via Persecuted for fighting graft: A personal experience – NewsDay Zimbabwe January 15, 2016
I was arrested at Beitbridge Border Post for recording a video in a protected area in violation of some provisions of the law. I was brought before a competent court of law. Preferred charges were read to me to which I pleaded guilty and a fine of $300 or alternatively four days in prison were deemed appropriate.
I expressed my indebtedness to the learned magistrate and reclined to the cells. I opted for the fine, a princely sum by our standards. I shared the cell with a 21-year-old man from Bulawayo. He told me that he hadn’t had a decent meal for the few days he was in remand. He still is in remand. The State has extended free bail to him on condition that a bona fide citizen of good standing vouches that he will not abscond. He has not been able to provide details of such a person. “The best way to judge a State is by looking at how they treat their prisoners” — Nelson Mandela.
Back to my case. It takes good man to look the other way for evil to prevail. If you don’t challenge happenings within your sights, then you are a partaker in that evil. Zimbabweans complain bitterly, but are too scared to act. When one of their own is victimised for taking action, to them it is drama. When the late “Father Zimbabwe” Joshua Nkomo fled Zimbabwe disguised as a woman, some saw it as high drama, only fit for soapies.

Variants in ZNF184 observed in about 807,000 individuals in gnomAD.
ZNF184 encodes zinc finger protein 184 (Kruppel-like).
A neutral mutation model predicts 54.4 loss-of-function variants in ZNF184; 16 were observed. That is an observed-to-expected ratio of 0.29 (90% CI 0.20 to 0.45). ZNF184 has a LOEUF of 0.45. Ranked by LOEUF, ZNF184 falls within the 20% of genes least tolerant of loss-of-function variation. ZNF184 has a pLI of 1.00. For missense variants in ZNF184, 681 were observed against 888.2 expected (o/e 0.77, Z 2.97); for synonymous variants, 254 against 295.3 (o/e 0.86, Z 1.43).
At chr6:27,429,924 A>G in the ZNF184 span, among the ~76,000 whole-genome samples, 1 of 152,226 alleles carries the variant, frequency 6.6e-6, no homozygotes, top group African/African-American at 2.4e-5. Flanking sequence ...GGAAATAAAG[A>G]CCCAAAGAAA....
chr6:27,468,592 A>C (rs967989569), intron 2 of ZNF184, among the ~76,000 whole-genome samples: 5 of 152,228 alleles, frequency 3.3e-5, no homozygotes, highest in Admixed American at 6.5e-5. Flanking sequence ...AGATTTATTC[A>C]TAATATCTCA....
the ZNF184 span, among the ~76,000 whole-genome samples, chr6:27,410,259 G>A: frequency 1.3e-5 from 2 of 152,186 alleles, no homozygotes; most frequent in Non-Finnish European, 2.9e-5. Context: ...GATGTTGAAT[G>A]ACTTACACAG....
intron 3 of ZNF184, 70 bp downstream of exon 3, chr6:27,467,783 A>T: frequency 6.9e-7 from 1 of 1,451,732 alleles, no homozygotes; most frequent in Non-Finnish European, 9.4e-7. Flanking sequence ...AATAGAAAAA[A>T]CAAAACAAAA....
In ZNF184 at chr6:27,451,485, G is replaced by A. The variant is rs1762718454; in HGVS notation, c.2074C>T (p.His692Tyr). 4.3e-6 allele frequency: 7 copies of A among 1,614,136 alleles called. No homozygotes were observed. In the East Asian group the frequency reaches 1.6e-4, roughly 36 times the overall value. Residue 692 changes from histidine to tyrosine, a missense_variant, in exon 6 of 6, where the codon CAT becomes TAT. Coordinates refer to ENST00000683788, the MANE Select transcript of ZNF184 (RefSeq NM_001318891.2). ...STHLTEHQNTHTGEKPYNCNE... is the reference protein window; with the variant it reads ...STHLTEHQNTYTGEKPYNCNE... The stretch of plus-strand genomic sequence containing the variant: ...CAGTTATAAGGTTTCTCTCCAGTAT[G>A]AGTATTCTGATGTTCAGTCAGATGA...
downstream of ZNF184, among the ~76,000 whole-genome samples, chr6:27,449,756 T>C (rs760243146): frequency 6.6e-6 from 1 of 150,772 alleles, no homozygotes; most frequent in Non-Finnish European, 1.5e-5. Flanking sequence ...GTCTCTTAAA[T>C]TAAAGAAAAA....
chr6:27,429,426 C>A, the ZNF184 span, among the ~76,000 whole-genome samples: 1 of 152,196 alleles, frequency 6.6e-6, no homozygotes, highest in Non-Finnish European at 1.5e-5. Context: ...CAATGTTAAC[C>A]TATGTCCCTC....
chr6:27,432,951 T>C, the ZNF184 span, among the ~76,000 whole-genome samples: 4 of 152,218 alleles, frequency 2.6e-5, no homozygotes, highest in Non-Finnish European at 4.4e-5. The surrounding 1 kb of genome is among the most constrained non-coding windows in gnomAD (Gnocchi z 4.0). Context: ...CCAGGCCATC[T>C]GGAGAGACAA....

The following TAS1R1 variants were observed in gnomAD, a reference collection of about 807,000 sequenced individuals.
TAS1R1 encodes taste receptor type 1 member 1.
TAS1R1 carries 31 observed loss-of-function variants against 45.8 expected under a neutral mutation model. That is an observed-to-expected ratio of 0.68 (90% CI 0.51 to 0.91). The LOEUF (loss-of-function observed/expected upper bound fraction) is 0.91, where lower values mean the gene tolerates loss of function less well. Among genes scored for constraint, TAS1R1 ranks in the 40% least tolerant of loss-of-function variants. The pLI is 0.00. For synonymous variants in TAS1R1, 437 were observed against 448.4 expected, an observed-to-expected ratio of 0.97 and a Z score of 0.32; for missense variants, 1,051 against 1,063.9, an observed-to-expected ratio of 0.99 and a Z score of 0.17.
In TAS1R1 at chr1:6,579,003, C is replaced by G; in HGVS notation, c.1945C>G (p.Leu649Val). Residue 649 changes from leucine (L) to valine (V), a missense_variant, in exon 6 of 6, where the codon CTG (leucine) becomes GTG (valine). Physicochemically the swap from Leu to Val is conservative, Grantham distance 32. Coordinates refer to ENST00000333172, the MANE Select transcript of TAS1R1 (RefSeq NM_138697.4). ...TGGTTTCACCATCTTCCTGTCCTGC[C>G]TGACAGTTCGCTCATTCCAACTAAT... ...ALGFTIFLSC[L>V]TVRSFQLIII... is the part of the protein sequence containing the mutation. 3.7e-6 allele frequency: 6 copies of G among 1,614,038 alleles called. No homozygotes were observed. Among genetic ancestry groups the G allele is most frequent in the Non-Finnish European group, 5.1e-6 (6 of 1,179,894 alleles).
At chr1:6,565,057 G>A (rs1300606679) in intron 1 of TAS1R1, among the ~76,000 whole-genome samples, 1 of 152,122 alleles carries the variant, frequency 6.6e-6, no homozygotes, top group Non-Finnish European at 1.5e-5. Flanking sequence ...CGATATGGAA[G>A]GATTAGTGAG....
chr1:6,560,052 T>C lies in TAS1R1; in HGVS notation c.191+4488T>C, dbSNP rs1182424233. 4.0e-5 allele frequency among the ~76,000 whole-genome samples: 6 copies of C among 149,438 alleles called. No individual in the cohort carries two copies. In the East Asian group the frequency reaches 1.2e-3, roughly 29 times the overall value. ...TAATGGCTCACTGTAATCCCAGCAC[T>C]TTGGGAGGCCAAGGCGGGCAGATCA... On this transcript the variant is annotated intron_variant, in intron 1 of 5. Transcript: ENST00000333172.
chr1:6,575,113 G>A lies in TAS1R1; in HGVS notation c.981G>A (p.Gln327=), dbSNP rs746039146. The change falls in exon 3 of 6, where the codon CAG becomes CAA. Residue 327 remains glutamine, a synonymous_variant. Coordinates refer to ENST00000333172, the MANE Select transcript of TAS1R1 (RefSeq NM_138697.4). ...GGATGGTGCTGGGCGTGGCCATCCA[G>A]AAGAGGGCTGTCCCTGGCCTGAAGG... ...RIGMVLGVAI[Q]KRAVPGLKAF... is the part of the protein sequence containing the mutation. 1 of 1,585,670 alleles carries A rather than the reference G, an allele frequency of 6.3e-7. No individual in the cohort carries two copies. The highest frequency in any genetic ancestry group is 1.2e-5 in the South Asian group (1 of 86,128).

We all know it is illegal for Zimbabwe Republic Police to collect spot fines and a competent judge of the High Court made the pronouncement while officiating at the start of the legal year in Masvingo last year, yet men and women of considerable wisdom and good social standing queue on our roads day-in-day-out to pay spot fines. Until we are courageous enough to take action, I would rather we shut up and continue to wallow in our numerous vulnerabilities.
I hold in high esteem man and women who gave up personal comforts to stare evil in the face and say, enough. Men like Herbert Wiltshire Chitepo and Samuel Tichafa Parirenyatwa (Zimbabwe’s first black barrister and medical doctor respectively) gave up lucrative jobs as director of public prosecutions in Tanzania and medical officer in Harare respectively to lead Zimbabwe’s war of independence from Zambia in the case of Chitepo and to join the National Democratic Party as vice-president in the case of Parirenyatwa. Both were assassinated in the prime of their lives, leaving behind young widows and toddler orphans.
President Robert Mugabe turned his back on a fairly comfortable life as lecturer at a teacher training college in Sekondi Takoradi, Ghana, to join a thankless struggle for which he spent 11 years in detention.
Had he handed over political power in the first 20 years of independence, today he would have remained the most celebrated statesman of his generation, maybe even a notch above icon Mandela.
Morgan Richard Tsvangirai, love or hate him, for standing up against Zanu PF hegemony goes down in history as one of the most courageous opposition politicians of post-independence Zimbabwe. He drew a line in the sand and said, “Hold it right there.”